From BiblePortal Wikipedia

Webster's Dictionary [1]

(1): ( a.) Having the constituent parts so compact, or so firmly adhering, as to resist the impression or penetration of other bodies; having a fixed form; hard; firm; compact; - opposed to fluid and liquid or to plastic, like clay, or to incompact, like sand.

(2): ( a.) Firm; compact; strong; stable; unyielding; as, a solid pier; a solid pile; a solid wall.

(3): ( a.) Applied to a compound word whose parts are closely united and form an unbroken word; - opposed to hyphened.

(4): ( a.) Fig.: Worthy of credit, trust, or esteem; substantial, as opposed to frivolous or fallacious; weighty; firm; strong; valid; just; genuine.

(5): ( a.) Sound; not weakly; as, a solid constitution of body.

(6): ( a.) Of a fleshy, uniform, undivided substance, as a bulb or root; not spongy or hollow within, as a stem.

(7): ( a.) Impenetrable; resisting or excluding any other material particle or atom from any given portion of space; - applied to the supposed ultimate particles of matter.

(8): ( a.) Not having the lines separated by leads; not open.

(9): ( a.) United; without division; unanimous; as, the delegation is solid for a candidate.

(10): ( n.) A substance that is held in a fixed form by cohesion among its particles; a substance not fluid.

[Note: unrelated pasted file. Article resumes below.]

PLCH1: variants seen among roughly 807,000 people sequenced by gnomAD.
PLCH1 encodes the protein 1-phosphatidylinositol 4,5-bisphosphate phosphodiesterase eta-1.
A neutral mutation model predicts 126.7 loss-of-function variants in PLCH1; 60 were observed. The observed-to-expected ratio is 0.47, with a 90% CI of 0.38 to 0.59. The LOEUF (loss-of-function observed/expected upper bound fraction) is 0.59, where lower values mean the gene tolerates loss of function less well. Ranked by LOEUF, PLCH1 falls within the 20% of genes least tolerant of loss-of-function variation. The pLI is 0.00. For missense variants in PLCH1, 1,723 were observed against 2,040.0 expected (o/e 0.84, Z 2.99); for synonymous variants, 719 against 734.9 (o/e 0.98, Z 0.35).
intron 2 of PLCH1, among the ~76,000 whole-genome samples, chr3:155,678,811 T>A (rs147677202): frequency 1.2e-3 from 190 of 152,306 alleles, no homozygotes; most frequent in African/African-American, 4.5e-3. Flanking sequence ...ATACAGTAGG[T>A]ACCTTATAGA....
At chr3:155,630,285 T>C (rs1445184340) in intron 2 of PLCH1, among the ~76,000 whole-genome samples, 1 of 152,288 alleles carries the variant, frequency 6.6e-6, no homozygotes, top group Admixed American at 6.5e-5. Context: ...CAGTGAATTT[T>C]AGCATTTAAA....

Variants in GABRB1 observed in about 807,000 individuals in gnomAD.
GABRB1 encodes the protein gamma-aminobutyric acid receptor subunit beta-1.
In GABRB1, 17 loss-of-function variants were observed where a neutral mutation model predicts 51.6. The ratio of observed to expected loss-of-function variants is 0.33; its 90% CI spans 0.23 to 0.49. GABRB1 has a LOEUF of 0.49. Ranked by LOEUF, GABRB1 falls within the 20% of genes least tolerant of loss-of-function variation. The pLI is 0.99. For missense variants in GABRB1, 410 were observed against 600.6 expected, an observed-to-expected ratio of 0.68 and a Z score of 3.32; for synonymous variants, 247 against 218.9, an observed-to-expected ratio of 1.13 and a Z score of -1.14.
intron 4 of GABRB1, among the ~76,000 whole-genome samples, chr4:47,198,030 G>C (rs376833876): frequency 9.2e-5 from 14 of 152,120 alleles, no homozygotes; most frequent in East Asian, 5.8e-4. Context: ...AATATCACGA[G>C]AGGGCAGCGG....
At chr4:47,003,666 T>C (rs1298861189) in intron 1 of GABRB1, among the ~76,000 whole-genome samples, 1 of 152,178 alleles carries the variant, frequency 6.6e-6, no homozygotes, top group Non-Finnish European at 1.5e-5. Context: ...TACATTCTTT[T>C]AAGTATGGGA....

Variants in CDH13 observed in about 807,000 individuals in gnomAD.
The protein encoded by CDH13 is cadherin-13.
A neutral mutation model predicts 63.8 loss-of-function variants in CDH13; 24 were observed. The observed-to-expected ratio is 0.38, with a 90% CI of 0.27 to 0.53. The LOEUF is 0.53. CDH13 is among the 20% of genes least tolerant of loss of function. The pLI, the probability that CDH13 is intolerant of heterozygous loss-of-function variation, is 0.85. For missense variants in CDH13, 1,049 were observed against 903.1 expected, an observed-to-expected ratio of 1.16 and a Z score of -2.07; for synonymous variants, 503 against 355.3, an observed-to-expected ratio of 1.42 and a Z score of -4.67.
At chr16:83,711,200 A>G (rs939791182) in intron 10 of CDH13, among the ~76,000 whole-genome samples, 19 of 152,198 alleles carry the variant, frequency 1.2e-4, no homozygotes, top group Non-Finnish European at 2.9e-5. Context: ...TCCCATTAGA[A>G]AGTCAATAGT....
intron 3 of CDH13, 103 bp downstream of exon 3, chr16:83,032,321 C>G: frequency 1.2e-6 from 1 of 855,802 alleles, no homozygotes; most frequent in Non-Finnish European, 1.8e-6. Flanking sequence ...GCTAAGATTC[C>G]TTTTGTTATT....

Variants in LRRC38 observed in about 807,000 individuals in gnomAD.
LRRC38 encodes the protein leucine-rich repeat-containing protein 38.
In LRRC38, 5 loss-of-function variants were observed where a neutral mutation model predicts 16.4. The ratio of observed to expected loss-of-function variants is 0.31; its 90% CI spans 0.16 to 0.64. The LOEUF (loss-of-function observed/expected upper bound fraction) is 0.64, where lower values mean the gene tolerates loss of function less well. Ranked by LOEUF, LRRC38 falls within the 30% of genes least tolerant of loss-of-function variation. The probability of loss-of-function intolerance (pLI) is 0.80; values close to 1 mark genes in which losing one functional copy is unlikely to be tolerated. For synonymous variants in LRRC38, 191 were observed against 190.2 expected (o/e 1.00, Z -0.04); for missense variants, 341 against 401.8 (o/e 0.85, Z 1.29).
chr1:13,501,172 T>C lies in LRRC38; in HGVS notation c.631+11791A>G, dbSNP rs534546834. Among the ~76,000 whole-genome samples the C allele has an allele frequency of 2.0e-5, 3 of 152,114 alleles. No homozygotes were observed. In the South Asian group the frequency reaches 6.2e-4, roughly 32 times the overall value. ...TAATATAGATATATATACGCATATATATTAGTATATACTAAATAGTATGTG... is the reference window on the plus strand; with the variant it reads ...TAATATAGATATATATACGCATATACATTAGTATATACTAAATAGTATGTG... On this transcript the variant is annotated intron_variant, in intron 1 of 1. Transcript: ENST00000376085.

(11): ( n.) A magnitude which has length, breadth, and thickness; a part of space bounded on all sides.

(12): ( a.) Not hollow; full of matter; as, a solid globe or cone, as distinguished from a hollow one; not spongy; dense; hence, sometimes, heavy.

(13): ( a.) Having all the geometrical dimensions; cubic; as, a solid foot contains 1,728 solid inches.

Vine's Expository Dictionary of NT Words [2]

1: Στερεός (Strong'S #4731 — Adjective — stereos — ster-eh-os' )

for which see Firm , No. 2, has the meaning "solid" in  Hebrews 5:12,14 , of food (AV, "strong"). As "solid" food requires more powerful digestive organs than are possessed by a babe, so a fuller knowledge of Christ (especially here with reference to His Melchizedek priesthood) required that exercise of spiritual intelligence which is derived from the practical appropriation of what had already been received.